Rebecca Ladbury and Pavla Kopecna © Benjie Croce 2010
"What are the key things you need to do to get a journalist interested in your story?" This was the opening question put to the Media Sandbox participants this morning by Ladbury PR.
Rebecca Ladbury and Pavla Kopecna visited the Pervasive Media Studio to talk participants through how to approach their projects in terms of PR. I scribbled down the key considerations:
What’s your story?
Practise writing your story into a press release, limit your copy to one side of A4:
- The first paragraph should sum up the project.
- The second and third should flesh out the detail (including any credits).
- The final paragraph should sum it up again.
The purpose of a press release is to act as a catalyst to motivate journalists to want more.
Who do you want to tell your story to and to what purpose?
- What media do you want to target? (broadcast, print, online)
- Which journalists or presenters are you interested in targeting?
Research their style, notice the pattern of their style and use that as inspiration when writing your press release.
- Get a press pack together including your press release, images, quotes, recent stats, biographies and the key protatganists who will be available for interview. Be able to define your project in one sentence. Have everything ready to tell.
- Recognise that you’ll have different appeal to different press outlets and be ready to define your project for different audiences.
- And remember - everyone is important from local blogs to Newsnight - you never know where your story will be picked up.
How do you prepare for a media interview?
- Prepare three key messages that you want to communicate to the journalist.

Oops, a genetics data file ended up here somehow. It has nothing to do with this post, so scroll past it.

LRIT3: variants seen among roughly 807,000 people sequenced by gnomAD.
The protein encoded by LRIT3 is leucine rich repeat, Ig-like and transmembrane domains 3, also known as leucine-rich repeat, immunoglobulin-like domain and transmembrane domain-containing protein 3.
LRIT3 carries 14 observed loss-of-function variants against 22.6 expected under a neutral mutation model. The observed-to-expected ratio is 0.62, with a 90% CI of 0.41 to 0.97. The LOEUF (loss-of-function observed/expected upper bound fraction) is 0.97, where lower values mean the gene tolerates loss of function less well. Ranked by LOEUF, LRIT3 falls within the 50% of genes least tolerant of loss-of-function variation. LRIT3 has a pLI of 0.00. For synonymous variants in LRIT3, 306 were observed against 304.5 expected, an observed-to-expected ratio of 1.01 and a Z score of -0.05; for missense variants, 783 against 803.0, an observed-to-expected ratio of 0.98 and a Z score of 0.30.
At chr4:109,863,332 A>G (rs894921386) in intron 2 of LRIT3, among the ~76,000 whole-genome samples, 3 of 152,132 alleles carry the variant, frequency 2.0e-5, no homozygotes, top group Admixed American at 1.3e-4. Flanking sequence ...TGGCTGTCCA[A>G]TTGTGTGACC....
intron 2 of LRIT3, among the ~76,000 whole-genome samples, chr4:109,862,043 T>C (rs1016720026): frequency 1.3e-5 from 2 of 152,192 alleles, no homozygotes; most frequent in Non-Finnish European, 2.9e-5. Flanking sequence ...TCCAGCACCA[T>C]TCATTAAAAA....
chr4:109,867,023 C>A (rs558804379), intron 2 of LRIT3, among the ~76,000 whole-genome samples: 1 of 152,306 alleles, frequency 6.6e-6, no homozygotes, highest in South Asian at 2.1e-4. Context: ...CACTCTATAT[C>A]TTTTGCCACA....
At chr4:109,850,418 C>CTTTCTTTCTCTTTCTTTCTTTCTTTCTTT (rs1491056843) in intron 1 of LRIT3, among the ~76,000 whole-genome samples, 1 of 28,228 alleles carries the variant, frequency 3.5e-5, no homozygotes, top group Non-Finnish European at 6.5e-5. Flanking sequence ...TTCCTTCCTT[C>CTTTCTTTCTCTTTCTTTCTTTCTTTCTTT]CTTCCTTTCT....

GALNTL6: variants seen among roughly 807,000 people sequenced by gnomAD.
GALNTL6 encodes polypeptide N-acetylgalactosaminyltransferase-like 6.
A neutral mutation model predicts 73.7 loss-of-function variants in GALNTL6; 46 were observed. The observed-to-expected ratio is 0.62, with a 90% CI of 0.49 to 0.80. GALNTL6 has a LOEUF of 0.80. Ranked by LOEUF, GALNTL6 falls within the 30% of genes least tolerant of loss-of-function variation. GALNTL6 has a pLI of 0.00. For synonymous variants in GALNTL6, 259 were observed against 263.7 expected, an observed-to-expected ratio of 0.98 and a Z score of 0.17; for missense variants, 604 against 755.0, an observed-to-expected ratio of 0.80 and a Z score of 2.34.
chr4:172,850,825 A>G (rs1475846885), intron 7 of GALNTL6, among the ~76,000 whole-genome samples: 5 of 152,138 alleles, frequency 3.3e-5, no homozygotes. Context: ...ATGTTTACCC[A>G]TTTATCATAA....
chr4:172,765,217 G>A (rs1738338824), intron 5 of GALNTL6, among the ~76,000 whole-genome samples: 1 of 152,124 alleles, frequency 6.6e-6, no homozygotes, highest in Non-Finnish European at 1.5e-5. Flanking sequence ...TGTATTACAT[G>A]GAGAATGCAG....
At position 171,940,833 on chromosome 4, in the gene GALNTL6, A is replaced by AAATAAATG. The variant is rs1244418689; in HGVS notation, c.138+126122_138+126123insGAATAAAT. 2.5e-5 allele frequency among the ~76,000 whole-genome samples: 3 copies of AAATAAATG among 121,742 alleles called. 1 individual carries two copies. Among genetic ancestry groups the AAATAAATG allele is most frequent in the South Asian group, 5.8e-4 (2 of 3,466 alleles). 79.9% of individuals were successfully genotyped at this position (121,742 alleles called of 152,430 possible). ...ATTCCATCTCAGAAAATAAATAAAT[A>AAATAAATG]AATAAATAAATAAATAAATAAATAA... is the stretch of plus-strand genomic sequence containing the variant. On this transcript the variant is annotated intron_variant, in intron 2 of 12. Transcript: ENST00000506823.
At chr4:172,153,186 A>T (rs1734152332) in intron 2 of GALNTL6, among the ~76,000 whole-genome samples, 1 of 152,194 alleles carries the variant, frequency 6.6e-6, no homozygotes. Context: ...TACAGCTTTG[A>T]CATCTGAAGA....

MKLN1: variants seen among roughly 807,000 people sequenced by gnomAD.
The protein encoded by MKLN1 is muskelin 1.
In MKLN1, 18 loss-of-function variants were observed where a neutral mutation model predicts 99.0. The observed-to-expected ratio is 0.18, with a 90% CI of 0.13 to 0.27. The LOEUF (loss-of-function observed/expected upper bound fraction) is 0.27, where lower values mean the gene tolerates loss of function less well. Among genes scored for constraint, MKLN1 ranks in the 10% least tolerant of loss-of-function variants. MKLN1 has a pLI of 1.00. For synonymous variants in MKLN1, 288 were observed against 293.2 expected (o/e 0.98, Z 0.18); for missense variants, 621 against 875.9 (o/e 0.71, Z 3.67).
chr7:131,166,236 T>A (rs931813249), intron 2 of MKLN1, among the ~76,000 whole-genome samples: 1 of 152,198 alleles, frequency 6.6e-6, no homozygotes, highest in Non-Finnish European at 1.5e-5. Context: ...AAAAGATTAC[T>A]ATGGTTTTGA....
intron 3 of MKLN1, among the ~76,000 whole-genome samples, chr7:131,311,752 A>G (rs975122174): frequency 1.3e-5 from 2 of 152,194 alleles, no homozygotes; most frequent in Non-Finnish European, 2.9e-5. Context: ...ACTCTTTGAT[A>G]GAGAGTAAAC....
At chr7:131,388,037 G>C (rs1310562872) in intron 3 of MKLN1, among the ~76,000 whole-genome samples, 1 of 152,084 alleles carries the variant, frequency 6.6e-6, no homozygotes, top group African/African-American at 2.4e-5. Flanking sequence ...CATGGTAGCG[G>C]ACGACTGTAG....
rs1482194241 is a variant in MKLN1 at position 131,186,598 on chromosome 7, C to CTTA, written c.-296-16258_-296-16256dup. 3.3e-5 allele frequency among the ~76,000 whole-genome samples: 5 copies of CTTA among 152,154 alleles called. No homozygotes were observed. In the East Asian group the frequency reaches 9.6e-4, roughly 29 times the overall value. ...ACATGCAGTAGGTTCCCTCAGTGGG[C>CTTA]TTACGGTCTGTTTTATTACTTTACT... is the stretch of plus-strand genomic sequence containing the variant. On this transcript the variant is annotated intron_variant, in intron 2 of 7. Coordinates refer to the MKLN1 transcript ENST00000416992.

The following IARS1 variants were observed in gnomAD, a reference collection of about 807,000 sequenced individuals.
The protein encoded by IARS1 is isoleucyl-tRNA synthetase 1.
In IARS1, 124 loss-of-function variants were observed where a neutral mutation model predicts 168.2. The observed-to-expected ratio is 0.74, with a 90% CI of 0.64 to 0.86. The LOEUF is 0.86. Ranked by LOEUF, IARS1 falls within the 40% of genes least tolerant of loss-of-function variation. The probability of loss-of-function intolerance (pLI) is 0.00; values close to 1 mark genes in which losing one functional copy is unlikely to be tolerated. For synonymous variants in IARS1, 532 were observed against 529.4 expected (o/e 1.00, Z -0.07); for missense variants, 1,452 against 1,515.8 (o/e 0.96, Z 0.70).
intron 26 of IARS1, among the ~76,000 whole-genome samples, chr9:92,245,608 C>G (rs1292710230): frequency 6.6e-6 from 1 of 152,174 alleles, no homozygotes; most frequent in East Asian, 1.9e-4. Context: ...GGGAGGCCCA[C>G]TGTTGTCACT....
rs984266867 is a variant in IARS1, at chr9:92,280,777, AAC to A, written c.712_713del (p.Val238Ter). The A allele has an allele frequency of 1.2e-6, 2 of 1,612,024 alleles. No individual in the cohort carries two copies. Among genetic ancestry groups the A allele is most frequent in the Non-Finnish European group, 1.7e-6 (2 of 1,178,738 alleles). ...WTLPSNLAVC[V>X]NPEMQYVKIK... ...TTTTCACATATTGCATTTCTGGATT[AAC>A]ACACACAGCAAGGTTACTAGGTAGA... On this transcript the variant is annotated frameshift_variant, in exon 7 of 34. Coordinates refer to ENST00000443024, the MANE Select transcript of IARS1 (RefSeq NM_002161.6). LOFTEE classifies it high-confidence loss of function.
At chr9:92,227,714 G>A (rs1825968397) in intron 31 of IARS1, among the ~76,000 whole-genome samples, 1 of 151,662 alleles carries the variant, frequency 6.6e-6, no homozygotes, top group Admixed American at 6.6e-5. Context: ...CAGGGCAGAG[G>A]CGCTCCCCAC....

- Never say anything you didn’t mean to say.
- Practise - tell your story to someone not in your project world (like your mum?) and see if they get it.
- Today media is rapid and sound-bitey - what’s your sound bite takeaway? Record yourself in 20 seconds talking about your project.
- Remember your audience.
- Be clear, concise and don’t assume knowledge - think about the language your using and don’t let the journalist translate for you.
- Evidence your points, "We're doing this because…"
- Sit up, be serious and don’t be defensive, be open and honest.
- Know what other projects are out there that are similar to yours -journalists will often compare your project, in response be clear, illustrate what your doing and why.
Remember, you want to motivate people to find out more about your project.
Lots of people undertake media training to deal with interviews, (listen to politicians on Radio 4’s Today programme and you’ll soon spot the patterns). There are language devices you can use to bridge the conversation back to your three key messages:
- The real issue here is…
- The important thing to remember is
- What the research/ordinary people tell us is….
- The fact of the matter is….
- That’s not true
- That may have been the case in the past…but now
- I don’t know about that …but what I do know is…
- That’s a question we would also like the answer to
- I can’t tell you that because the information is confidential but…
And don’t under estimate the power of twitter and the blogger. Journalists use Twitter all the time and blogs increasingly influence news features.
Don't go 'off duty' before or after the interview. While the journalist is with you, even walking to the lift, they are still working.
Rebecca and Pavla suggested we watch this interview as an example of how not to do it.
A brillant and informative session. Big thanks to Ladbury PR.